Water, energy, and food are interconnected resource systems which face numerous challenges including a growing global population, economic crises, poverty and hunger, and climatic uncertainties. Meeting these challenges requires a paradigm shift in our conventional resource allocation model to account for the tight interconnections that exists among them. In working towards this goal, the authors have developed a resource allocation strategy assessment platform (WEF Nexus Tool 2.0©) that aims to support decision-makers in identifying sustainable resource management strategies informed by the water-energy-food nexus.
The WEF Nexus Tool 2.0 serves as a common platform that brings together scientific know-how and policy input in an effort to identify current and anticipated bottlenecks in resource allocation trends, while highlighting possible trade-offs and opportunities to overcome resource stress challenges. The tool is scenario-based and attempts to explicitly quantify the interconnections between the three resources, while capturing the effects of population growth, changing economies and policies, climate change and other stresses. It provides the user with the ability to create scenarios for a given country by defining the following inputs:
• Food portfolio: identifying local food production levels versus imports, and technologies in agricultural production.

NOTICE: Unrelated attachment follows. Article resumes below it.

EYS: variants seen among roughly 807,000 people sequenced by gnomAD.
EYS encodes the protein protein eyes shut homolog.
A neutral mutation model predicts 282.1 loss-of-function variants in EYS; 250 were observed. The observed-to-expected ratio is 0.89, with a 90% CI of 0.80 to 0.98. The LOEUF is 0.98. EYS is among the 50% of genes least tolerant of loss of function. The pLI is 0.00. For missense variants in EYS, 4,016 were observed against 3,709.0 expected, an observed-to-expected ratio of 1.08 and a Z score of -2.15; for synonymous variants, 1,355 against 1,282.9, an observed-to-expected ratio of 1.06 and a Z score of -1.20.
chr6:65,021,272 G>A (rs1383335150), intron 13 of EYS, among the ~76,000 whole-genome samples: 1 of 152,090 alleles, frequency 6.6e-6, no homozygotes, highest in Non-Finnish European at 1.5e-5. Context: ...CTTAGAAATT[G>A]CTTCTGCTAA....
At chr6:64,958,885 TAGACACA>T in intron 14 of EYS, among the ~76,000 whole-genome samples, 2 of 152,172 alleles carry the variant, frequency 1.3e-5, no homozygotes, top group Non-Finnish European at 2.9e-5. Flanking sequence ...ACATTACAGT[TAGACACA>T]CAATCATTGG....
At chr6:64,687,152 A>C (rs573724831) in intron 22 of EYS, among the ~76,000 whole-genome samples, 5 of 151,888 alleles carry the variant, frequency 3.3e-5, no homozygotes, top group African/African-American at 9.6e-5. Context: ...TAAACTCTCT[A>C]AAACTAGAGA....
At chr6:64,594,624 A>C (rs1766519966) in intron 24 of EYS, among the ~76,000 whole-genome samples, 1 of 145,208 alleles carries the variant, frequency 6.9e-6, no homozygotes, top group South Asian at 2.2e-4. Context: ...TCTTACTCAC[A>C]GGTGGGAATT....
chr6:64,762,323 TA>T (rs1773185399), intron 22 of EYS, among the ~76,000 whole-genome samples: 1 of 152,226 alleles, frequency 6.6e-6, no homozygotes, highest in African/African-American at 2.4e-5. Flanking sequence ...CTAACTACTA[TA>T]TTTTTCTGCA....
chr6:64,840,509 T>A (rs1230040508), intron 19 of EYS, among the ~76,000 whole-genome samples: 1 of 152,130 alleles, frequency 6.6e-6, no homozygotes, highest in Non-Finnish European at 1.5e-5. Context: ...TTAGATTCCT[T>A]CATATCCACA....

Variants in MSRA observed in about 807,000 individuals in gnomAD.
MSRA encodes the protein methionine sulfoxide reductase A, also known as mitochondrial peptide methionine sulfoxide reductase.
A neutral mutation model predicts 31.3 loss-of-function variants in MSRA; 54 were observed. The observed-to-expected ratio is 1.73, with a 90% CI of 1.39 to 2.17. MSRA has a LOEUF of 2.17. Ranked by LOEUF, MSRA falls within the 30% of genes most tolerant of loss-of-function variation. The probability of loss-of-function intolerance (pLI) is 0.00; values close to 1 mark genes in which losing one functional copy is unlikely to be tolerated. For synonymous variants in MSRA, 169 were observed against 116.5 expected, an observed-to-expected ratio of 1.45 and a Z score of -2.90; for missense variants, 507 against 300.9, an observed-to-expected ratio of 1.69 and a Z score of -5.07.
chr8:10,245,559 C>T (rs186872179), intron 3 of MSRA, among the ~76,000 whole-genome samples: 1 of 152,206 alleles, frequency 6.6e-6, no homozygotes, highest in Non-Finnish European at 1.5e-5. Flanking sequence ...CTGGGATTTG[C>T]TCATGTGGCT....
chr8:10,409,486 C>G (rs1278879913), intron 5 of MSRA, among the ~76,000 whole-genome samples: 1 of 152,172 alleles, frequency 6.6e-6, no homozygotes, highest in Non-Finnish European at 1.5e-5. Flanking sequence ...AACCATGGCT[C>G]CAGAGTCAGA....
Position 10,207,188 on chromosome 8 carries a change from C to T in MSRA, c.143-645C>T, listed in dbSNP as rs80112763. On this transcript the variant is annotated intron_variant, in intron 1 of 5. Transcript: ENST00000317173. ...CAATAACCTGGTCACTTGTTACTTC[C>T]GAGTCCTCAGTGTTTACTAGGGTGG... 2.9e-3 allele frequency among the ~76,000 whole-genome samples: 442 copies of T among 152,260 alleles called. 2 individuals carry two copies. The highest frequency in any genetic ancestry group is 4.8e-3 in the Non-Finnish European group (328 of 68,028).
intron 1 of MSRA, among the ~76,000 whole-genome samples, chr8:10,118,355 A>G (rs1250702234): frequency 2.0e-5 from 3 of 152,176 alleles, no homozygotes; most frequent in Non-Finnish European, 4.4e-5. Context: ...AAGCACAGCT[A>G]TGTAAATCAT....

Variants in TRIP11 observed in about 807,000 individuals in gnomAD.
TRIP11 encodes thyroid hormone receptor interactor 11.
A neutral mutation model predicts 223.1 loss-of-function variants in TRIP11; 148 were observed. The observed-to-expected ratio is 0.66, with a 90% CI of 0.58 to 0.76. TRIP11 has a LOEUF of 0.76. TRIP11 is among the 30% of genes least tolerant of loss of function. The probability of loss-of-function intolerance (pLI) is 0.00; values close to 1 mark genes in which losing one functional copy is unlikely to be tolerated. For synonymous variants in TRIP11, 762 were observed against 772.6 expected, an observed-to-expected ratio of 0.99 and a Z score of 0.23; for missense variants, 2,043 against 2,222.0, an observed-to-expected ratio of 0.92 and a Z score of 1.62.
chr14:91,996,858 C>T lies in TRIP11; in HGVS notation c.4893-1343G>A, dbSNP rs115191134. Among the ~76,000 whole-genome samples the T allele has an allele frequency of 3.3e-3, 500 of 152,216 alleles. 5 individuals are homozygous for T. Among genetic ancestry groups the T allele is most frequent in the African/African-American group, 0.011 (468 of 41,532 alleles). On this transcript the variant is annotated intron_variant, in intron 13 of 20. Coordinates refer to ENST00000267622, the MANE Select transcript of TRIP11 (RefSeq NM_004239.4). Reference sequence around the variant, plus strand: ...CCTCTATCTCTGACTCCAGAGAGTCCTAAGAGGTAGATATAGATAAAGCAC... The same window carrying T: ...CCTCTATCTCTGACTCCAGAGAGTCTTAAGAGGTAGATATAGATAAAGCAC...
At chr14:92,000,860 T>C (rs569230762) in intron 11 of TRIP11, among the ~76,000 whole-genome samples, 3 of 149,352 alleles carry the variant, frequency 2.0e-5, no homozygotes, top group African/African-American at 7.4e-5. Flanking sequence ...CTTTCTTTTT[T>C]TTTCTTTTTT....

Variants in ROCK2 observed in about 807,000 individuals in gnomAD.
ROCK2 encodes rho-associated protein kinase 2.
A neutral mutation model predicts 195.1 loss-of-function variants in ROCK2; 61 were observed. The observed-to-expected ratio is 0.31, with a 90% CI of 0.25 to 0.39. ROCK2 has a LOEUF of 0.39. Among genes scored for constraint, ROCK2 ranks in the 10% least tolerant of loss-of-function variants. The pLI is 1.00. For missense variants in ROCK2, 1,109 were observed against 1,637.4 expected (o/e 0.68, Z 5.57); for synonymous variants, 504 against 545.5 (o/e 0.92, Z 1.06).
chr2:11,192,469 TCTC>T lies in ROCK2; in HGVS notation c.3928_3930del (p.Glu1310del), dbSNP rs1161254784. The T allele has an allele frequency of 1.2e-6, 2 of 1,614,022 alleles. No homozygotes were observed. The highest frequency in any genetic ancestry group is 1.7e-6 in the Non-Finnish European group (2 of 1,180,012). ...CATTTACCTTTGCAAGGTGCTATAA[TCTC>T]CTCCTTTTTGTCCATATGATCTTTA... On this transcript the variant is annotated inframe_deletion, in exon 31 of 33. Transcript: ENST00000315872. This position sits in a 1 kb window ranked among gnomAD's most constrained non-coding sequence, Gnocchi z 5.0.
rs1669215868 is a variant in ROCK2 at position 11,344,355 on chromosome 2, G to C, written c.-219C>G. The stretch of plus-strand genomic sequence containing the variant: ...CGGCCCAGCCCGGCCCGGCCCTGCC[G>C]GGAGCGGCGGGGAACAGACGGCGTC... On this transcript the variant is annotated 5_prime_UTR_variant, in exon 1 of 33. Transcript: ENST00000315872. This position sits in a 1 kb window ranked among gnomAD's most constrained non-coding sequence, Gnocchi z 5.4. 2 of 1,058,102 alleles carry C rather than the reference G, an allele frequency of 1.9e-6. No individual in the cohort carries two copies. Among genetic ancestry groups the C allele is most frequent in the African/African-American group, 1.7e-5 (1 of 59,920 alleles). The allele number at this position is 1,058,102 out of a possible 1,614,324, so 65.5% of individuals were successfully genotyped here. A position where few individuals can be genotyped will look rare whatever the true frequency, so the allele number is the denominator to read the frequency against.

• Water portfolio: identifying different sources of water and amounts needed of each.
• Energy portfolio: identifying sources of energy for water, and energy for agricultural production.
Even though the water-energy-food framework is generic, scenarios created by the tool are site specific and defined by the local characteristics of the area of study. These may include local yields of food products, water and energy availability and requirements, available technologies and land requirements. The characteristics are defined by the user and allow for the creation of country-specific profiles. The WEF Nexus Tool 2.0© enables users to visualize and compare the resource requirements of their scenarios, and calculate the ‘sustainability index’ of each scenario.
The tool’s user interface allows different players representing water, energy, food and trade strategies to create scenarios and indicate their priorities and preferences. The complexities which are part of the admin interface are not visible to the user to keep the user experience simple. The point at which a decision-maker becomes involved is critical. The tool does not take over the decision-maker’s authority or make decisions on their behalf, rather, it provides the ability to assess possible scenarios and highlight the trade-offs associated with each. These trade-offs would then be presented to the decision-maker who would prioritize them and make choices based on simplified results.
Computer models and programmes, Sets of monitoring indicators and indices, Scenario builders, forecasting and back-casting methodologies
Bassel Daher and Rabi Mohtar, Water-Energy-Food Nexus Research Group, Texas A&M University
Rabi Mohtar and Bassel Daher
WEF Nexus Research Group, Texas A&M University